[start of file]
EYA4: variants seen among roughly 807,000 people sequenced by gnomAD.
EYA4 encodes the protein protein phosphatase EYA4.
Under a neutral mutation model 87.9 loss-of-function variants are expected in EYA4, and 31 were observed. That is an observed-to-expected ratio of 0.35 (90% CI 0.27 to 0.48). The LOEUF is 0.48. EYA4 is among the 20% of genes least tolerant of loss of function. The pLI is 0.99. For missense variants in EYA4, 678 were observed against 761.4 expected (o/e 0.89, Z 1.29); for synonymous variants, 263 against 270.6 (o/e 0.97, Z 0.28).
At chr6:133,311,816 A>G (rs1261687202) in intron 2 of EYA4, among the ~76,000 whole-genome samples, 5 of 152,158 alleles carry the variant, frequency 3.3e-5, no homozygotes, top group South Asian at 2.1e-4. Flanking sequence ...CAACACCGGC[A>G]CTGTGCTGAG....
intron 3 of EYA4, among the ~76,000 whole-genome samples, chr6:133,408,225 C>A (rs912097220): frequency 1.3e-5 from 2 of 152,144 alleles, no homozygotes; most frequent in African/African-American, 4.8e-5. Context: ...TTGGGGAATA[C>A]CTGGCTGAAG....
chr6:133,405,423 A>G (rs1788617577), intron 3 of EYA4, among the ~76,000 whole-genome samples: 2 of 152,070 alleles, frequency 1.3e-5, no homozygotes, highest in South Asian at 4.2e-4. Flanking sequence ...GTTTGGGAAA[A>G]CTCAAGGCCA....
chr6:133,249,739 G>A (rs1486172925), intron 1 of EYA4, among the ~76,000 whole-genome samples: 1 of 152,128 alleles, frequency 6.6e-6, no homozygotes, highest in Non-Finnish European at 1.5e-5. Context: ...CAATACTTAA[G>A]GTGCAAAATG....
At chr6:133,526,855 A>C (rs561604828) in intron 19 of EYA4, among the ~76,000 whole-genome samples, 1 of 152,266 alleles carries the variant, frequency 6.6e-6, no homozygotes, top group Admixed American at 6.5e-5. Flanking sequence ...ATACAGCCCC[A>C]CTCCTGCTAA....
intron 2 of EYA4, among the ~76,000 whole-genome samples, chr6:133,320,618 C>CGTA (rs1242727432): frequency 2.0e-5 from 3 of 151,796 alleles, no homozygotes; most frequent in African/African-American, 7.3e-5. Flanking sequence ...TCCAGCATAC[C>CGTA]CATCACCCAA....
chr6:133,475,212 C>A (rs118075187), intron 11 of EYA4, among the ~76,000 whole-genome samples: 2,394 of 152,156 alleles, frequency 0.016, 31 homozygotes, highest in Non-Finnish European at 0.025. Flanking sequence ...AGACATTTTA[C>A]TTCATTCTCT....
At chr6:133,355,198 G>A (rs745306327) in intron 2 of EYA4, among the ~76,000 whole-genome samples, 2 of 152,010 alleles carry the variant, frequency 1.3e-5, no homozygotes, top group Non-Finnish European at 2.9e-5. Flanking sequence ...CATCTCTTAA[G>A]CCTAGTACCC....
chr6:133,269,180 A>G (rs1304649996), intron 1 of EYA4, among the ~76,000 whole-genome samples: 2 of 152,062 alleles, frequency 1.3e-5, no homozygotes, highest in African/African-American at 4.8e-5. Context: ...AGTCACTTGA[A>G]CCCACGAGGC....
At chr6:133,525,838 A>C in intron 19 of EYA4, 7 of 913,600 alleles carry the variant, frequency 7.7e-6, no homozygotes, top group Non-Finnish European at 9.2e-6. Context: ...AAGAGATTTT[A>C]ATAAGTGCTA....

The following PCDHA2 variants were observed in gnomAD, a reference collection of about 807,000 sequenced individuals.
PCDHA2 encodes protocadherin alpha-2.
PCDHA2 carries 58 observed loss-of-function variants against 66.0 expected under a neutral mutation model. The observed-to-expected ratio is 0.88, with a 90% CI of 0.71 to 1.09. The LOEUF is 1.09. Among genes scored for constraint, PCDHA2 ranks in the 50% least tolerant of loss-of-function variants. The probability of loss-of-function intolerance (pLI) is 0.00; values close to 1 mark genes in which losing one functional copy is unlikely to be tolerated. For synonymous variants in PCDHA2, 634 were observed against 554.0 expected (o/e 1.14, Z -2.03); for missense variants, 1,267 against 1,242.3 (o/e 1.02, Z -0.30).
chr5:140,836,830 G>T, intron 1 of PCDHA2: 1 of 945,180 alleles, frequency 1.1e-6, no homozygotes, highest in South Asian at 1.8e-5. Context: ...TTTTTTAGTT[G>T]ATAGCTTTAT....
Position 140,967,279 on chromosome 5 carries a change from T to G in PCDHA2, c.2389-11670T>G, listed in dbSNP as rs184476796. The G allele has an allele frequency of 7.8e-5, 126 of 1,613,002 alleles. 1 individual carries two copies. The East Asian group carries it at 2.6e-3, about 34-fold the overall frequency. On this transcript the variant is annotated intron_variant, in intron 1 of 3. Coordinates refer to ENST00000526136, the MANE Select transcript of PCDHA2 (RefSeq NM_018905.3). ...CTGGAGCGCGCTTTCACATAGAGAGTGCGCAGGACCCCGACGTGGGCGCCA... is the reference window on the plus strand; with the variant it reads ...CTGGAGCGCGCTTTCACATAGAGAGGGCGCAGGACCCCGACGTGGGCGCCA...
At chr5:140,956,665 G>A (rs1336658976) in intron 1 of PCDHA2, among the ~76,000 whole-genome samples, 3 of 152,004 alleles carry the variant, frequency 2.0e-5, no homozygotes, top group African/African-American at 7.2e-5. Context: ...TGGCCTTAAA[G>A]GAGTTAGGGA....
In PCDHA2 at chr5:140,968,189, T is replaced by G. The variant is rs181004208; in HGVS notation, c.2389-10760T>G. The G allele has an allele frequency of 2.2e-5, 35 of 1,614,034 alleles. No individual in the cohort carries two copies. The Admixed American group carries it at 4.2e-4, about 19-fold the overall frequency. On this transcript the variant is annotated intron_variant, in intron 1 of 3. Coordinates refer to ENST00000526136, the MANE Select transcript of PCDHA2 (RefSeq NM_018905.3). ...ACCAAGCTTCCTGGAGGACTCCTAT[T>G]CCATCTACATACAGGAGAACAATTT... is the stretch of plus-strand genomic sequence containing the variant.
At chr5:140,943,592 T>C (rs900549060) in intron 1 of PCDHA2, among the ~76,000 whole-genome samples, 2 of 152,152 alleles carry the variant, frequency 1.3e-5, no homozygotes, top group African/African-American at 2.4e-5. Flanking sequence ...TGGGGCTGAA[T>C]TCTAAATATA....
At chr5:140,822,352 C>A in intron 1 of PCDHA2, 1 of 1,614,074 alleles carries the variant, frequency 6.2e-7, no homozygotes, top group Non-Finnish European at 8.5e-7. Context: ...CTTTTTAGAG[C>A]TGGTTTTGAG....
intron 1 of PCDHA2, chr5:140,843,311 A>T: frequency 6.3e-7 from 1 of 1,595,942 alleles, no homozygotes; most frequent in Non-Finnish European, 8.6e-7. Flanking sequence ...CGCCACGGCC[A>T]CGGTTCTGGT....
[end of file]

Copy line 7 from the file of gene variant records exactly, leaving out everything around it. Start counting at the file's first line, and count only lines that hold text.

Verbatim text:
chr6:133,249,739 G>A (rs1486172925), intron 1 of EYA4, among the ~76,000 whole-genome samples: 1 of 152,128 alleles, frequency 6.6e-6, no homozygotes, highest in Non-Finnish European at 1.5e-5. Context: ...CAATACTTAA[G>A]GTGCAAAATG....